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Repertoire grows for Doughty.

Byline: LEWIS TAYLOR The Register-Guard

Mike Doughty doesn't just perform solo these days; he also drives himself from gig to gig, acts as his own manager and even works the merchandise stand after the show.

"I'd do the sound, too, if I could," Doughty joked during a phone interview from his home in New York City. "The only reason I could see to bring someone else out with me would be to have someone to cover for me for 10 minutes so I could sell stuff during the show."

Doughty, the former leader of the rock band Soul Coughing, comes to the Wild Duck today for an early, seated performance.

Although Doughty has been performing without his former bandmates since Soul Coughing split up in March 2000, he has yet to release a "proper solo album," as he calls it. He is still selling copies of "Skittish," a patchwork solo recording from 1996 that was released only after it was accidentally leaked to Napster. A new live album, "Smofe + Smang," is set to be released this summer.

"I think the real reason I didn't put out a record is I didn't think I had it in me," Doughty said. "The moment I got out of Soul Coughing, I got a bunch of offers, but you don't want to sign with a record company unless everybody is super into it."

Now, after two years of going solo, Doughty says he finally does have a solo album in him. He has begun the process of journaling, pre-writing and coming up with the beats and chords that serve as the basis for his songs. The difference this time, he says, is that he actually likes the songs he's coming up with.

`I used to say, `This song, I just like the chorus,' `This song, I just like the verse,' and before I knew it, I've gone from like 20 to four songs,' Doughty said. "Now I have, like, 18 songs. I really have a record."

"El Oso" was the final record Doughty released with Soul Coughing. The group had achieved moderate radio success with the singles "Super Bon Bon" and "Circles." The stream-of- consciousness lyrics and the presence of an upright bass gave the band a distinctive sound; Doughty, a former rock critic for the New York Press, dubbed the music "deep slacker jazz."

Ultimately, Doughty said, Soul Coughing simply ran its course and found itself with no other option but to split up. Although the group's parting was amicable, Doughty is no longer in contact with his former bandmates.

Earlier this year, Rhino Records released "Lust in Phaze: The Best of Soul Coughing," a retrospective that put to rest all rumors of a reunion.

"We spent eight years in each other's business," Doughty said. "It was long enough."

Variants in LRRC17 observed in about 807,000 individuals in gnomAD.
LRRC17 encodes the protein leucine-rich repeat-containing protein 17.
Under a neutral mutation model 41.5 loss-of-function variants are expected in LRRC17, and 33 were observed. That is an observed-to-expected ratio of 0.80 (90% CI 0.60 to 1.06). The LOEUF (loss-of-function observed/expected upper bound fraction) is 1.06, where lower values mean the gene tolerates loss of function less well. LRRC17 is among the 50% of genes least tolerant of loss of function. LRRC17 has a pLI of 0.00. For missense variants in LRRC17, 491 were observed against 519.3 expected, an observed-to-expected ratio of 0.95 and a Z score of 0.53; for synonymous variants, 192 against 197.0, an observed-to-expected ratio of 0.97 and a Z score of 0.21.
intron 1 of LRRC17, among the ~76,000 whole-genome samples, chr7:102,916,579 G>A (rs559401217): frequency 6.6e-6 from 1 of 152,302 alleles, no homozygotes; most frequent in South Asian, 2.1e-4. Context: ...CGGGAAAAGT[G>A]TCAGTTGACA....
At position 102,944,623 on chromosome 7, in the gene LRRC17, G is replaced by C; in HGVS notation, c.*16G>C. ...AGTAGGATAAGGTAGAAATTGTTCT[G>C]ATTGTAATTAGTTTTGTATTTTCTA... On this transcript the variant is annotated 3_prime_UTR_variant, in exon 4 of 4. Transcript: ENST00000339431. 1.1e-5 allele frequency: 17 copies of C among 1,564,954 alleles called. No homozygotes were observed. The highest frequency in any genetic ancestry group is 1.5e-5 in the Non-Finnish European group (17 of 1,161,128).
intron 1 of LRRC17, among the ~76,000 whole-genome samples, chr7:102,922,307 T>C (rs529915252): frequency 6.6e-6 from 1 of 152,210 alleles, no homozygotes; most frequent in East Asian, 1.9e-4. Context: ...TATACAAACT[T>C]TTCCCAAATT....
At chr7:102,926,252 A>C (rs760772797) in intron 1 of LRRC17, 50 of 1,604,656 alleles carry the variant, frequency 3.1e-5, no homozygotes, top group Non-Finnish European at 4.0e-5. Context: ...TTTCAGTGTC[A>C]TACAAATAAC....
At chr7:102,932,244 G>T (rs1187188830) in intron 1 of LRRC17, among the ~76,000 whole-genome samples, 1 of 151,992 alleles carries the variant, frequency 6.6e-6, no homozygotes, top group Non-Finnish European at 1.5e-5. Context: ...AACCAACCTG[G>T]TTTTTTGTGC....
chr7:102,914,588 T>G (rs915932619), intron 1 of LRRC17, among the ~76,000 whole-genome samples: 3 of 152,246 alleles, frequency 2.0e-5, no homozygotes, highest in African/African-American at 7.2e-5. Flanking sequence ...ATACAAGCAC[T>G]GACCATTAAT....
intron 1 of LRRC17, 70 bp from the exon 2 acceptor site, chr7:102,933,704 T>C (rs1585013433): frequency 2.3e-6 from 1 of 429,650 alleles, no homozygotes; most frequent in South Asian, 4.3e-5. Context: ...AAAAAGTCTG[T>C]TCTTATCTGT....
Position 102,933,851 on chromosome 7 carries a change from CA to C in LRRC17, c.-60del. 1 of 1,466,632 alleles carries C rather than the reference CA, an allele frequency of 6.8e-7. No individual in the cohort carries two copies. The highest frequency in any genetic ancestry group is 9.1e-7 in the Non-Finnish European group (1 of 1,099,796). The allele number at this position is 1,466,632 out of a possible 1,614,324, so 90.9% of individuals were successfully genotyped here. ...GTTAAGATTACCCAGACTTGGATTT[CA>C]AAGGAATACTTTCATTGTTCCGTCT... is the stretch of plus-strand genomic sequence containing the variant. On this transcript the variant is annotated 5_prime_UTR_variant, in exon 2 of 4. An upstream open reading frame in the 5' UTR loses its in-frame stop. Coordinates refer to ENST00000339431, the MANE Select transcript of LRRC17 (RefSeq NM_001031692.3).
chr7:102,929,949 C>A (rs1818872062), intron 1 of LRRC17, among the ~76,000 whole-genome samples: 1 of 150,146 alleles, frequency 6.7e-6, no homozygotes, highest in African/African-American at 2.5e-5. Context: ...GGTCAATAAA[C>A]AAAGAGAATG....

Lifestyle was also a factor in the breakup of Soul Coughing. Once the band was finished, Doughty was able to kick a longtime heroin addiction. Now hooked only on coffee and "looking at girls," he finds himself becoming, of all things, a morning person.

"I get up pretty early, but I'm pretty much always doing music," Doughty said. "Live music in New York has, apparently, gotten really interesting in the past year, so I'm trying to go out more."

Also a poet and a writer, Doughty has other things to keep him occupied. His independently published book of poetry, "Slanky," is being reprinted by Soft Skull Press. Doughty says he signed on with the independent publisher after he saw several dozen Soft Skull books on the shelves at Tsunami Books in Eugene, during his last visit to town a year ago.

Doughty also regularly tends to his Web page (www. superspecialquestions.com), a bizarre site that features, among other things, dozens of anagrams for Michael Doughty (`Hey I am cold thug'), and allows fans to ask such questions as "Who is David Blair?" (Answer: America's most beloved gay, black, folk- singing autoworker, and the basis for the song "Looks").

Doughty's presence on the Web assures that he is the subject of many an Internet rumor. His favorite one, he says, is the belief that he has only one testicle.

"I thought that was just brilliant because no one will ever be able to confirm it," Doughty said. "And, if I deny it like I'm doing now, people will just think I'm denying it because it's true."

When he's not busy putting out Internet rumors, Doughty can be found collaborating with They Might Be Giants or with house producer BT. He also recently completed songs for the soundtrack to "Evenhand," an independent film directed by Joseph Pierson.

"It's the first time I've done anything like that," Doughty said. "They sent me parts of the film and I specifically wrote something that went with it. I got four songs that I wouldn't have gotten anywhere else."

Doughty's songs have become more focused since he left the more jam-oriented Soul Coughing. His music, which has been called everything from funk-inspired beat music to "small rock," sounds even more distinct now that it's just him and his guitar.

`When I first went out as a soloist, I only did stuff from `Skittish,' ' Doughty recalled.

`Then I only did songs from Soul Coughing. As time has passed, I've really developed an audience that's my own.

`I might open with something from Soul Coughing, play some new songs, some songs from `Skittish' and then play some more Soul Coughing. The repertoire keeps growing.'

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Mike Doughty Solo soul cougher
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Title Annotation:Entertainment
Publication:The Register-Guard (Eugene, OR)
Date:Jun 21, 2002
Words:920
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